How to measure your head for a hat

How to measure your head for a hat —

Heads come in different sizes and shapes which is why when you put on a hat it might not fit. But, it’s not a problem. You just need to know your head size and then find a hat in that size.  But how do you measure your head for a hat? In this tutorial, I will show you three methods to measure.

  • You can measure your head size by using a flexible cloth or plastic tape measure. Here’s what mine looks like. Inches or centimetres is fine.

How to measure your head for a hat using a flexible cloth or plastic tape measure.


Note: a builder’s metal tape measure is too stiff.




Here’s how to measure head circumfrence on Goldie, my mannequin, who has a rather slippery head and no ears.

Take the tape measure and bring it around the back of the head so that it loosely rests on the bump. Bring it around the side so that it is about 1/8 inch above the ears. Then, have it meet in the front, on the forehead, around where you would like your hat to rest. I usually put my the tip of my thumb or little finger in between head and tape measure for a bit of ease.


How to measure your head for a hat using a flexible tape measure.


  • Secondly, if you don’t have a flexible tape measure then you can use string or twine that doesn’t stretch. Place the string or twine the around your head, the same way you would use a flexible tape measure. Remember to include your pinky finger in for ease. Note where the string meets. Then, lay twine on top of a long ruler. This will give you your head size measurement.


How to measure your head for hat using twine instead of a tape measure.


  • But what about if you are needing a measurement of your own head and don’t have a handy helper?

Then, try this third method. Work in front of a mirror to see where to place the flexible tape measure. Take the tape measure and encircle your head, just above the top of ears to find out the circumference. Make sure that the tape measure goes over that small bump at the back of your head. Please don’t pull it tightly. Leave a little ‘ease’ so that your little finger can fit under the tape. Look in the mirror to see what number your finger is on. Then, keeping your fingers on ‘the mark’ take a look to confirm.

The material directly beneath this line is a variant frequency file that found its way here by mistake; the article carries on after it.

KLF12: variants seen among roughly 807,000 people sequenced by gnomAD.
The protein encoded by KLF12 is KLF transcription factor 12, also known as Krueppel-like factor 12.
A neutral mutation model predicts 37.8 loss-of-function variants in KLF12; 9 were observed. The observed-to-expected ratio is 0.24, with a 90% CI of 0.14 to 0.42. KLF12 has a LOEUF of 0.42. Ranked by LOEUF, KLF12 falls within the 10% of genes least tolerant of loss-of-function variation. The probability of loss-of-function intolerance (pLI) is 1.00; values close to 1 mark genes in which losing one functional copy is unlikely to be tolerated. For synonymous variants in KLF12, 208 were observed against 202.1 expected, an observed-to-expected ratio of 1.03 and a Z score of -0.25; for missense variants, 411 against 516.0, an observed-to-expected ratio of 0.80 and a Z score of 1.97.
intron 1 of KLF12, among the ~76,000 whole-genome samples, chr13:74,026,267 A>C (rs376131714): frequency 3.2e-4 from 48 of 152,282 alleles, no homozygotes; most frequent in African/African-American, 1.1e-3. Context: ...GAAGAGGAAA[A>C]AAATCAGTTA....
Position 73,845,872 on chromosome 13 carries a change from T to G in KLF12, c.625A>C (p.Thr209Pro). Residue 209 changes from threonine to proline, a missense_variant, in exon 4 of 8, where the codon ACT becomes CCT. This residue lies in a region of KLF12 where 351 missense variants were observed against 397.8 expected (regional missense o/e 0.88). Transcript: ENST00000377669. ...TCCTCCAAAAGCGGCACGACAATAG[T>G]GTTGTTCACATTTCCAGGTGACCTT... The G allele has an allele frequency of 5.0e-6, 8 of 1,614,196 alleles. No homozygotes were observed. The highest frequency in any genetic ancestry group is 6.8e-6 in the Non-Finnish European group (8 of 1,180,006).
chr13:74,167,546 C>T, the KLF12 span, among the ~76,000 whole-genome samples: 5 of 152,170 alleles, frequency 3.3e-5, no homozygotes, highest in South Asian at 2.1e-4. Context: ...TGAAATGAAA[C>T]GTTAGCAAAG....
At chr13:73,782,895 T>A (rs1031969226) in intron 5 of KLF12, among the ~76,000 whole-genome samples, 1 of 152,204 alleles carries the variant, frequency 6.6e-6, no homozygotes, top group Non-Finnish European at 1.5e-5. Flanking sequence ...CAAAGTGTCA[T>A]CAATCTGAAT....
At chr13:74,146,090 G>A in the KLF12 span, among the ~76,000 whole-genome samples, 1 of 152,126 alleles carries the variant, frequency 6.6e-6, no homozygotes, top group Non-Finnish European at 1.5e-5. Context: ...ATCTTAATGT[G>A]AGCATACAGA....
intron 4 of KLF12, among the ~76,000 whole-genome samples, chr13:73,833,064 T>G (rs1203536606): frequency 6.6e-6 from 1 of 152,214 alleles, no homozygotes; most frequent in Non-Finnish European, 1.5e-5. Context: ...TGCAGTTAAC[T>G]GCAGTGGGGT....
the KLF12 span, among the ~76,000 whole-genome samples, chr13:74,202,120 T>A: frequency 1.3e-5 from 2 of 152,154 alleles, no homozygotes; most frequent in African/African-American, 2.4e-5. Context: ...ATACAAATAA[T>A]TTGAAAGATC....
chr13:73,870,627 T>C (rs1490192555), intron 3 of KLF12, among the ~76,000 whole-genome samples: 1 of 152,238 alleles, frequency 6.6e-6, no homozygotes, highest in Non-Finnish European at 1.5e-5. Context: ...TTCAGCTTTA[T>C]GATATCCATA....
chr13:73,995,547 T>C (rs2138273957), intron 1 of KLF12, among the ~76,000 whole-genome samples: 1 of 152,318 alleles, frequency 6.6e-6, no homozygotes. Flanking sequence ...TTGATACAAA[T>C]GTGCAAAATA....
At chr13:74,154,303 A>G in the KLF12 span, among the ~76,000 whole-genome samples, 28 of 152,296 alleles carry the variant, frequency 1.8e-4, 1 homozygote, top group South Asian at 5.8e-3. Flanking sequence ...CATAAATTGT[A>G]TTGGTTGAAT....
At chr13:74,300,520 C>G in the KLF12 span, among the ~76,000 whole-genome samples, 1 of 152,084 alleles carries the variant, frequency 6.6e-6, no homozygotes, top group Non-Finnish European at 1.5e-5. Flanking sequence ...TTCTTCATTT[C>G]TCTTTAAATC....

Remember, where you measure will be where the hat sits on the head. This can vary with different hat styles. For example, some hats are worn high on heads, whereas cloches are worn lower down on the head, over the ears, so you would then need to place the tape measure over the ears for the latter.


  • Keep in mind how you style your hair or whether you wear eyeglasses; these things can add to your head size measurement.
  • Also, just like blue jeans, some people like ’em tight, whereas, others like ’em loose. I find a tight hat gives me a headache!


It can be helpful for a milliner to have the across head measurement. To do this take the tape measure and go across the head, from the top of the ear to the other ear.

How to measure your head for a hat from ear to ear for depth.



Lastly, do you know the carpenter’s saying: ‘Measure Thrice, Cut Once’?

Measure your head for a hat three times. Surprisingly, your measurement may vary, so it’s best to do it more than once!

If you prefer learning by video, please see my short video on Instagram.


Interestingly, hatters (people who make hats for men) use numbered sizing which is the diameter of a hat. But how would you measure that?  Here’s a cute cartoon from Village Hat Shop showing how to measure and fit a man’s hat.


If you have a moment, I would appreciate it if you could fill out this two-question survey about head size measurement and whether you wear hats. (I have no idea what the puppy charity thing is afterward….)

Create your survey with SurveyMonkey





A week later, I wrote up the results of the head size measurement survey in my Newsletter.


If you have any questions or suggestions about wearing hats or how you measure your head for a hat, please leave a comment below.

4 Responses

    • FeltHappiness

      Hello Glenn,

      Thank you for replying!

      With wet felting we need to make the resist larger than our head size, so that when it shrinks, it becomes a strong non-woven fabric.

      I usually make a resist 35% to 40% larger than the head size. Please keep in mind that as one works around a flat resist, that it’s only half the measurement X 2.

      For example for a 22 1/2″ head size divided by 2 = 11.25″
      Then, multiply by 1.54 (35%) =17.32, rounded up to 17.5″
      or multiply by 1.67 (35%) = 18.78, rounded down to 18.75″

      Please keep in mind that I use 4 – 6 layers of wool on a hat. Have learned that some folks make their resists 50% bigger (multiply by 2), but they may be using less layers. Recently, tried doing a hat like this (with 4 layers) but could not shrink it down enough.